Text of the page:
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The California Supreme Court Rules That Fertility Doctors Must Make Their Services Available to Lesbians, Despite Religious Objections


Tuesday, Sept. 02, 2008

Can a doctor in California offer fertility services to the public, but refuse to provide them to lesbian patients? In North Coast Women's Care Medical Group, Inc. v. Superior Court, the California Supreme Court said no, rejecting a constitutional challenge to the state's broad public accommodations law.

The Facts of the Case: Plaintiff's Quest to Become a Mother

This case began with Guadalupe Benitez's desire to have a child. She and her female partner made many unsuccessful efforts at self-insemination, using sperm they had acquired from a sperm bank. Benitez later discovered she had a condition that caused her to ovulate irregularly. Accordingly, she was referred to the North Coast Women's Care Medical Group for fertility treatment.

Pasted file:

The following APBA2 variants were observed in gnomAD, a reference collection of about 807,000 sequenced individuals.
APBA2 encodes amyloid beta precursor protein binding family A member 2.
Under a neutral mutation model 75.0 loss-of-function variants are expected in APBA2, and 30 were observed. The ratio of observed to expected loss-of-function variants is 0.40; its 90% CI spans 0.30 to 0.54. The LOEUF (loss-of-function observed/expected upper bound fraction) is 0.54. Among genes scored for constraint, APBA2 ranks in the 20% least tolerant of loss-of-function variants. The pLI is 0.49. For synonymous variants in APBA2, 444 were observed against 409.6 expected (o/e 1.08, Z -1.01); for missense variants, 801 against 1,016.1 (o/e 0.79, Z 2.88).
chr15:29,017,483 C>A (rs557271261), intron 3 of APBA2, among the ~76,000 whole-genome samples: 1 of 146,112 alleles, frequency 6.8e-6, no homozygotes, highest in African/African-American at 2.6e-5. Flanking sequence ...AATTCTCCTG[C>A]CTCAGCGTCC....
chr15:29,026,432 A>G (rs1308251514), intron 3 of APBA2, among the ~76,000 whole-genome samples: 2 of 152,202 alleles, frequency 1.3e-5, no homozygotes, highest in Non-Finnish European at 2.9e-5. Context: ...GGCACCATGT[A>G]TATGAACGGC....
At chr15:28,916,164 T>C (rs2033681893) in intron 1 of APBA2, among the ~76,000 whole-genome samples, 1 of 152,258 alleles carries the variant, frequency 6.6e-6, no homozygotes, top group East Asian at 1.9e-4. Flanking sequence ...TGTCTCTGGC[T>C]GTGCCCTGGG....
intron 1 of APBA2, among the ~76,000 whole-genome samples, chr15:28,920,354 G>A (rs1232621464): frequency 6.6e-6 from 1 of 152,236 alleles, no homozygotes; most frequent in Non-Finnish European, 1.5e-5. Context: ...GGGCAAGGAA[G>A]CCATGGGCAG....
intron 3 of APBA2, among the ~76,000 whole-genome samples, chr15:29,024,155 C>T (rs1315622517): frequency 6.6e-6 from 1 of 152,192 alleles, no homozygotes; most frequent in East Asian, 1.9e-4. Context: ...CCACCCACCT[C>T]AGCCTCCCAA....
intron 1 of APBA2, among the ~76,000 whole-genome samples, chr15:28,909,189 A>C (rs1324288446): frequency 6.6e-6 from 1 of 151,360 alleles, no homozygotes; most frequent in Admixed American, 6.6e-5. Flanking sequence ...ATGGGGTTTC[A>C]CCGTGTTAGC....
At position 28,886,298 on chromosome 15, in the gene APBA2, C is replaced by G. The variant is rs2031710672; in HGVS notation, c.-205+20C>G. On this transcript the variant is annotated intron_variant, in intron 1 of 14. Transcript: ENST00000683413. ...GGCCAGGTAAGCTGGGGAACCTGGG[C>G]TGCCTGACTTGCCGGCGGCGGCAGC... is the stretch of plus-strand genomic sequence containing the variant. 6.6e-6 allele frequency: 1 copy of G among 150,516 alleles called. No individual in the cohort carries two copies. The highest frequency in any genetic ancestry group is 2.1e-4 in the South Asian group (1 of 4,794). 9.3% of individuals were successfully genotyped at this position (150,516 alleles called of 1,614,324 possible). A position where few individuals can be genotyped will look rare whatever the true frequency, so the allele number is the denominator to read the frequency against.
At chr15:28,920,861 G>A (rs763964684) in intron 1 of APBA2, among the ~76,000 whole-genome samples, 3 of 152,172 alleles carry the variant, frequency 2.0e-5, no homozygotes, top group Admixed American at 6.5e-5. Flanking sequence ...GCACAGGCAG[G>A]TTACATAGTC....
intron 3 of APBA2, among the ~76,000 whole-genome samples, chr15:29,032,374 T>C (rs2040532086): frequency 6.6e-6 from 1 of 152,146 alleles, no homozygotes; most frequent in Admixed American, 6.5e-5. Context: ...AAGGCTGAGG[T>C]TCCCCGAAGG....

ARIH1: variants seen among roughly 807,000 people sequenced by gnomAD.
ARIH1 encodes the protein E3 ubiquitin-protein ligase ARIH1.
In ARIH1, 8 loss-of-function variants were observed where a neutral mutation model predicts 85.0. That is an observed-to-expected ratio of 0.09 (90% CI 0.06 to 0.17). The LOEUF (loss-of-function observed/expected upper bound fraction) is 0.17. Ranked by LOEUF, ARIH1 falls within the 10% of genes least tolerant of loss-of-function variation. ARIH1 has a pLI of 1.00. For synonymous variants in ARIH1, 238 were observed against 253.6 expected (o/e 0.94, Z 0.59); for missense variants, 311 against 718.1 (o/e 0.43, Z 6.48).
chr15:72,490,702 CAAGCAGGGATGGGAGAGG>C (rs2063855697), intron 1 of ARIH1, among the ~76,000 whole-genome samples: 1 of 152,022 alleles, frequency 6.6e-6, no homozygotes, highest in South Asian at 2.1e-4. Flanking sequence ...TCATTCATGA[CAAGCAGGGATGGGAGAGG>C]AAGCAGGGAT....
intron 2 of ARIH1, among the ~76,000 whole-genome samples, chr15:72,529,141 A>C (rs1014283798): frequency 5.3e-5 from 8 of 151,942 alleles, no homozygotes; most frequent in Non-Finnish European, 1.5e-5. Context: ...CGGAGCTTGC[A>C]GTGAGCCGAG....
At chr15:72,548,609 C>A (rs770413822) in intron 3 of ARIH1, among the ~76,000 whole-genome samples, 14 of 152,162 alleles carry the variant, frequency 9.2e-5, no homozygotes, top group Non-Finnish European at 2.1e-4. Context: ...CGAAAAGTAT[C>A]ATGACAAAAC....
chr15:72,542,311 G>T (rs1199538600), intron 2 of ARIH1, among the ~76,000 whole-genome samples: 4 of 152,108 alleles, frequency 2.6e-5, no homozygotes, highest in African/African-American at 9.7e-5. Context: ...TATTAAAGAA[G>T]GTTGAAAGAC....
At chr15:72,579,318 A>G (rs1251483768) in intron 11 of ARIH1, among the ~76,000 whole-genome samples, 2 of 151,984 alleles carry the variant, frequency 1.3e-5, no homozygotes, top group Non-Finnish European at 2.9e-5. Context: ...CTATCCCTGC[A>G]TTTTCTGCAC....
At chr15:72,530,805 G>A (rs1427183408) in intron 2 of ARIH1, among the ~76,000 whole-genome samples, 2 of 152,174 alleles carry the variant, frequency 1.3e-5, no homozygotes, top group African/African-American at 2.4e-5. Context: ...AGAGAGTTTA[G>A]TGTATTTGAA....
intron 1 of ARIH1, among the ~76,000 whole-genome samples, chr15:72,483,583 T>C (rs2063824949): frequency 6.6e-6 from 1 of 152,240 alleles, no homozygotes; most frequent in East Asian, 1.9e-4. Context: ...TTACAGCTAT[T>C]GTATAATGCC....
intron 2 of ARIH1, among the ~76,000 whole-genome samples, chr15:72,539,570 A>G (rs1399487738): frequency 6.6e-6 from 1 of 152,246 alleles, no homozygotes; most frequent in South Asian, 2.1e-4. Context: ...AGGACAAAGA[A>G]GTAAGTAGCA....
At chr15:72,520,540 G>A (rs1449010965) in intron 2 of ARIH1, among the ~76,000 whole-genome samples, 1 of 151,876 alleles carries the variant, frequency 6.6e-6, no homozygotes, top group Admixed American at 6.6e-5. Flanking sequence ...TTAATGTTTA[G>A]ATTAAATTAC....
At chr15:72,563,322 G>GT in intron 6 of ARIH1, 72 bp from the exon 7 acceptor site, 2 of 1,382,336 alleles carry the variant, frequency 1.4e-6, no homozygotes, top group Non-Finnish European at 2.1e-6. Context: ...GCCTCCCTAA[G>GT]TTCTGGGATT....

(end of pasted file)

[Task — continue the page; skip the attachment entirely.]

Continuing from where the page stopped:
Benitez and her partner met with Dr. Christine Brody at North Coast to discuss treatment options. During the meeting, Benitez mentioned that she was a lesbian. One of the options discussed was intrauterine insemination (IUI), a type of artificial insemination in which sperm is placed directly in a woman's uterus to increase the likelihood of conception. Though Dr. Brody explained the procedure, she told Benitez that she had a religious objection to performing it on an unmarried woman, and that she would refer Benitez to one of the other physicians in the group, who would be the one to perform the procedure. (Whether Dr. Brody's objection extended to all unmarried women, or only to lesbians, is a disputed issue of fact to be determined at trial on remand.)

After their initial meeting, Dr. Brody treated Benitez for infertility for nearly a year. She prescribed Clomid, a drug to induce ovulation, with the expectation that Benitez would follow up with further attempts at self-insemination at home. Dr. Brody also ran several tests on Benitez, to see whether there might be other causes of her infertility. Dr. Brody eventually recommended that Benitez move to IUI. Benitez tried one additional self-insemination, this time with sperm donated from a male friend directly (not through a sperm bank).